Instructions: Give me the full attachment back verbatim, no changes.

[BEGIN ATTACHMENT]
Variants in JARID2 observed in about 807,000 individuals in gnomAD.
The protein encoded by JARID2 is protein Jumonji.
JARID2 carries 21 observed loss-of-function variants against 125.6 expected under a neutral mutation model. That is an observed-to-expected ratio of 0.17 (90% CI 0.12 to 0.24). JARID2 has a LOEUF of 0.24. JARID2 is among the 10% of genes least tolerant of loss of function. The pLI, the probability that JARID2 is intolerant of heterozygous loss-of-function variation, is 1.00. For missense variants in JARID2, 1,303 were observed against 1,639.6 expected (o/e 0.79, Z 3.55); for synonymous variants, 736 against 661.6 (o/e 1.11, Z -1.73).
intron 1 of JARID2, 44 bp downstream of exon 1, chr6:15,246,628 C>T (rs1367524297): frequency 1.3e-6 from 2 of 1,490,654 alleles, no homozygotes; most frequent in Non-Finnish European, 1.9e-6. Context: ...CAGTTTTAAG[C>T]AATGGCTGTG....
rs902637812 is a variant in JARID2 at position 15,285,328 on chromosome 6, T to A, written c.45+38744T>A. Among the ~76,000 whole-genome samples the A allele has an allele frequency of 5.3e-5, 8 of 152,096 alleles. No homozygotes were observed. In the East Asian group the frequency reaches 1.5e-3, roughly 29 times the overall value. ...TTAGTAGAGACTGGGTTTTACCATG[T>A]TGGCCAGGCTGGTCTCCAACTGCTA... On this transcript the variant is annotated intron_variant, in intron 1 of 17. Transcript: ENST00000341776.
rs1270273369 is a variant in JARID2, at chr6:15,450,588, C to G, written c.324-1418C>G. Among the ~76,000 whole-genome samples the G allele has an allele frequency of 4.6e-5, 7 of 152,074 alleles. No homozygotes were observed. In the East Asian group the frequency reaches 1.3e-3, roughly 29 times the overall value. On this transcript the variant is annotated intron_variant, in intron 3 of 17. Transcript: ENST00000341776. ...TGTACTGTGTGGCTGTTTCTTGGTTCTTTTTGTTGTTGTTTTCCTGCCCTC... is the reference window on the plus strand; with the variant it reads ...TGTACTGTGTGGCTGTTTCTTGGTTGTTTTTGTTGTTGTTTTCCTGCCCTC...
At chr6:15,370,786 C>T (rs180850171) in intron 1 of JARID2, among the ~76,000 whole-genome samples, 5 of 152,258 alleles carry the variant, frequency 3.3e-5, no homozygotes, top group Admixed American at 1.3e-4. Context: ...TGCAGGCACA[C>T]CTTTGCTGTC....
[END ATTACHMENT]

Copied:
Variants in JARID2 observed in about 807,000 individuals in gnomAD.
The protein encoded by JARID2 is protein Jumonji.
JARID2 carries 21 observed loss-of-function variants against 125.6 expected under a neutral mutation model. That is an observed-to-expected ratio of 0.17 (90% CI 0.12 to 0.24). JARID2 has a LOEUF of 0.24. JARID2 is among the 10% of genes least tolerant of loss of function. The pLI, the probability that JARID2 is intolerant of heterozygous loss-of-function variation, is 1.00. For missense variants in JARID2, 1,303 were observed against 1,639.6 expected (o/e 0.79, Z 3.55); for synonymous variants, 736 against 661.6 (o/e 1.11, Z -1.73).
intron 1 of JARID2, 44 bp downstream of exon 1, chr6:15,246,628 C>T (rs1367524297): frequency 1.3e-6 from 2 of 1,490,654 alleles, no homozygotes; most frequent in Non-Finnish European, 1.9e-6. Context: ...CAGTTTTAAG[C>T]AATGGCTGTG....
rs902637812 is a variant in JARID2 at position 15,285,328 on chromosome 6, T to A, written c.45+38744T>A. Among the ~76,000 whole-genome samples the A allele has an allele frequency of 5.3e-5, 8 of 152,096 alleles. No homozygotes were observed. In the East Asian group the frequency reaches 1.5e-3, roughly 29 times the overall value. ...TTAGTAGAGACTGGGTTTTACCATG[T>A]TGGCCAGGCTGGTCTCCAACTGCTA... On this transcript the variant is annotated intron_variant, in intron 1 of 17. Transcript: ENST00000341776.
rs1270273369 is a variant in JARID2, at chr6:15,450,588, C to G, written c.324-1418C>G. Among the ~76,000 whole-genome samples the G allele has an allele frequency of 4.6e-5, 7 of 152,074 alleles. No homozygotes were observed. In the East Asian group the frequency reaches 1.3e-3, roughly 29 times the overall value. On this transcript the variant is annotated intron_variant, in intron 3 of 17. Transcript: ENST00000341776. ...TGTACTGTGTGGCTGTTTCTTGGTTCTTTTTGTTGTTGTTTTCCTGCCCTC... is the reference window on the plus strand; with the variant it reads ...TGTACTGTGTGGCTGTTTCTTGGTTGTTTTTGTTGTTGTTTTCCTGCCCTC...
At chr6:15,370,786 C>T (rs180850171) in intron 1 of JARID2, among the ~76,000 whole-genome samples, 5 of 152,258 alleles carry the variant, frequency 3.3e-5, no homozygotes, top group Admixed American at 1.3e-4. Context: ...TGCAGGCACA[C>T]CTTTGCTGTC....